Conserving land along our waterways protects important habitat and helps keep our rivers healthy, clean, and more resilient to drought. Riparian Protection projects conserve and restore fresh and saltwater habitat while protecting fish habitat. In doing so, the grants help provide our families, farms, and fisheries with clean water across the state.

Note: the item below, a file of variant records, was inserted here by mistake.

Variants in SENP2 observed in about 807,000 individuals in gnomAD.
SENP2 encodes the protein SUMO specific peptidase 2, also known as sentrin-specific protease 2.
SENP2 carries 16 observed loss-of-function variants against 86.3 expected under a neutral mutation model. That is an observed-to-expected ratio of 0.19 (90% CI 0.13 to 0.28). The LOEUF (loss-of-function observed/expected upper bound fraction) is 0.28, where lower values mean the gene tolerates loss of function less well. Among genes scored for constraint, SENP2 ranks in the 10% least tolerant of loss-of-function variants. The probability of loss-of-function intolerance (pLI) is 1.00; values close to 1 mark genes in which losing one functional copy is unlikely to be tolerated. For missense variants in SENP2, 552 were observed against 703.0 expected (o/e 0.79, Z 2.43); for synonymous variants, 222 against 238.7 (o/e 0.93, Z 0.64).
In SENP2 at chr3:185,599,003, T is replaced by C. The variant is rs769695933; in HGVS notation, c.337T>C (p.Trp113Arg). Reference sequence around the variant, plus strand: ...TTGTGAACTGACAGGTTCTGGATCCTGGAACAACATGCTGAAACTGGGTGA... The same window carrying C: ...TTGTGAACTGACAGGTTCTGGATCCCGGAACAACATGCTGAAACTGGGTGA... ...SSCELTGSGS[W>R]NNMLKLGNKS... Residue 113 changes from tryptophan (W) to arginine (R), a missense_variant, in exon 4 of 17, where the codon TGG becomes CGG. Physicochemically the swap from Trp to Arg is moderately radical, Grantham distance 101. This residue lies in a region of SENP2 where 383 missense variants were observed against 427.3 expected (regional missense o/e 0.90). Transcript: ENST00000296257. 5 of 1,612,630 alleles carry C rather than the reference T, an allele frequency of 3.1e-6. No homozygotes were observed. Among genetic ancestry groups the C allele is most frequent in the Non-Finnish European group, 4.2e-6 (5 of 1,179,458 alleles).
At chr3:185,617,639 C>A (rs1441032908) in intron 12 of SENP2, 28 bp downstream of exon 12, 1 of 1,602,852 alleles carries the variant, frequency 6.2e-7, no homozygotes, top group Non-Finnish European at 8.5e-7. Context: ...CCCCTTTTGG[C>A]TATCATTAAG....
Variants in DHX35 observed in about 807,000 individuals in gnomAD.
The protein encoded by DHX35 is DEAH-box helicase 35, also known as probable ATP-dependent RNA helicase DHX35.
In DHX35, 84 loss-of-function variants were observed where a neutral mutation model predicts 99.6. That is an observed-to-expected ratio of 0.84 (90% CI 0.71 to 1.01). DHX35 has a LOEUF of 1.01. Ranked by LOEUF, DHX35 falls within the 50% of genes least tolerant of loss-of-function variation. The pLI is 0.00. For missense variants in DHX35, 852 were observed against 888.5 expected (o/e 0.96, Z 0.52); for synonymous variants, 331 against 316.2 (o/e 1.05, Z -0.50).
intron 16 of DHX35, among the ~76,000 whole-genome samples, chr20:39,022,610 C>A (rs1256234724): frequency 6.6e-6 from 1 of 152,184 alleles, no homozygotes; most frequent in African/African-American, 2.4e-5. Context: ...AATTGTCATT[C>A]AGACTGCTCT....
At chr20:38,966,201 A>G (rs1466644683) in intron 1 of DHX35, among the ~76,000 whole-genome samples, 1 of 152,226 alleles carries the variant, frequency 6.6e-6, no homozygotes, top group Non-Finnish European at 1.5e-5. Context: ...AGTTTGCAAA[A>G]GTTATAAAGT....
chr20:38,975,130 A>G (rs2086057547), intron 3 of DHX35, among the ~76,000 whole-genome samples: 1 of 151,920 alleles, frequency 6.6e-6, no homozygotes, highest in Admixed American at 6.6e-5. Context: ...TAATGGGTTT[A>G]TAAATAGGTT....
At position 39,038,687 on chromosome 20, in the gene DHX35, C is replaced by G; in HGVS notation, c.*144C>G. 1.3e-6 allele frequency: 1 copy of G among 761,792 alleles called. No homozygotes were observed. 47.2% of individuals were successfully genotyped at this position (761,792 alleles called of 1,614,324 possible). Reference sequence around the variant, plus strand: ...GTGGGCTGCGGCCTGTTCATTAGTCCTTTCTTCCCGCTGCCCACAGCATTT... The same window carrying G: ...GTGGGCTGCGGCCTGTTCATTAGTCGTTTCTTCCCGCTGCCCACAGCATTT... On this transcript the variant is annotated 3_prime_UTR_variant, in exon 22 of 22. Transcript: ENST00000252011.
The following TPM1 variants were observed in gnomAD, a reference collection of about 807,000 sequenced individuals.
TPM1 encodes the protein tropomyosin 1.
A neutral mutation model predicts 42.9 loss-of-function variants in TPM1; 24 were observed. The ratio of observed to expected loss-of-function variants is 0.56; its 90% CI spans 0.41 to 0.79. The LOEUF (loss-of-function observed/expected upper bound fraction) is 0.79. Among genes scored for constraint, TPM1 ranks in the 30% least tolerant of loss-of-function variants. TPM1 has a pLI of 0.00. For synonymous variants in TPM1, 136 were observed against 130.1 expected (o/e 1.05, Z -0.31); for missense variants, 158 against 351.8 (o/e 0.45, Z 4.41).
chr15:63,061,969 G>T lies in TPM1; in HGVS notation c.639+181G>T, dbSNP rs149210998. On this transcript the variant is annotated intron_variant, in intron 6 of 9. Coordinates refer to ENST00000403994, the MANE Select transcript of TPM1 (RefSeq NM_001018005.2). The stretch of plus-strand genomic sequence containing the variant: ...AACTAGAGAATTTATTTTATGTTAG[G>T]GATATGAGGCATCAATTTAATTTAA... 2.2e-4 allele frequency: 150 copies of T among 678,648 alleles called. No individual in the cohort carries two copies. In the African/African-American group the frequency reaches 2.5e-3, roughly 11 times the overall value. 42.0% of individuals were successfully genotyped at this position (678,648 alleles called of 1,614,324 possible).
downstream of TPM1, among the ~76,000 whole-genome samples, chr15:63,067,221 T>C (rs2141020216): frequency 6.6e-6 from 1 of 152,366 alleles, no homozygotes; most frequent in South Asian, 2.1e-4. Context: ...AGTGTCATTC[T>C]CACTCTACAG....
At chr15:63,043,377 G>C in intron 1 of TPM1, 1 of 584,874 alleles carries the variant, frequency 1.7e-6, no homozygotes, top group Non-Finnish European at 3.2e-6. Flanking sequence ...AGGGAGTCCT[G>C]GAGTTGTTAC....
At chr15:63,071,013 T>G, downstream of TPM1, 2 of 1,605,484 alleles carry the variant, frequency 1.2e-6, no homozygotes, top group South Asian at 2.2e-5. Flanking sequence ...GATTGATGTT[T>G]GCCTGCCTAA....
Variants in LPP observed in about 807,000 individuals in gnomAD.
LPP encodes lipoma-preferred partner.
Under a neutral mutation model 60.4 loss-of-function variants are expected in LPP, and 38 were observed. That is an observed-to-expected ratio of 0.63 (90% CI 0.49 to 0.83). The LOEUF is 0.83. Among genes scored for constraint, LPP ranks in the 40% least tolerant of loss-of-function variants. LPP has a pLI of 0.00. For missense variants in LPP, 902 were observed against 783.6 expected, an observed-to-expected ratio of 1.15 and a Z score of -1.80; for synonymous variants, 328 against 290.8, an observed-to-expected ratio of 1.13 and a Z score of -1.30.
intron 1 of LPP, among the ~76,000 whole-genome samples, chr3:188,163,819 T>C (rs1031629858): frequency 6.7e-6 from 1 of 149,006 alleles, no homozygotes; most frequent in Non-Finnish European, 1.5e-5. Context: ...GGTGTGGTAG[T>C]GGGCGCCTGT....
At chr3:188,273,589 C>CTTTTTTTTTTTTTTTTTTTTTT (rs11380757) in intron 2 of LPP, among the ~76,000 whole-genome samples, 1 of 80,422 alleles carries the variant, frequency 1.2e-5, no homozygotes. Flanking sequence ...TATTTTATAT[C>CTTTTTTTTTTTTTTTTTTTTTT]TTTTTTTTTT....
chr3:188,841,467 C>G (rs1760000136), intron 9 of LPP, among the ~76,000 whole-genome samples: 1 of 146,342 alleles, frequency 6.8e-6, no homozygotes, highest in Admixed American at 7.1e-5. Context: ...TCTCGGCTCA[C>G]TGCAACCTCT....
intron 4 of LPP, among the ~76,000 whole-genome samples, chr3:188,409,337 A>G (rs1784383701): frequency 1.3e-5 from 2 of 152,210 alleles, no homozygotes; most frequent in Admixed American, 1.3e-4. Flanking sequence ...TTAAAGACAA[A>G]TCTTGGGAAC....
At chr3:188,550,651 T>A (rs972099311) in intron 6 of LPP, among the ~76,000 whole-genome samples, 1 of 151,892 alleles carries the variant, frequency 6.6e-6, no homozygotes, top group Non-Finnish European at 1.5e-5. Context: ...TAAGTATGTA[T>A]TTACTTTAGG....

The objective of the project is to acquire conservation easements to protect in perpetuity the entire Riparian Protection corridor of Martha John Creek, about 2 miles from the headwaters at Miller Lake to the estuary in Port Gamble Bay. The Creek is important to fish and wildlife, including coho salmon (SASSI depressed stock) and chum salmon, sea-run cutthroat trout, bear, otter, pileated woodpecker, great blue heron, osprey and bald eagle. The stream corridor is unique because it contains a wide diversity of critical habitat types in good condition, including Miller Lake, large open-water wetlands, stream and estuary lagoon. A portion of Port Gamble Bay at the mouth of the creek was decertified for shellfish harvest in 1996 due to fecal coliform pollution. Subsequently, the creek was identified as a high priority for protection and restoration in the S. Port Gamble Bay Shellfish Closure Response Plan (part of the 1997 Upper Hood Canal Watershed Action Plan). Major livestock fencing projects have been completed at several strategic locations. Long term protection of riparian zones along the creek is now the goal. Community outreach to obtain conservation easements on the creek is included in the scope of work for the 1998 CCWF “Port Gamble Bay Watershed Restoration Project.” Project partners are the Kitsap Conservation District, Kitsap Land Trust, Port Gamble S’Klallam Tribe and Kitsap County. An endowment will be established for monitoring and stewardship.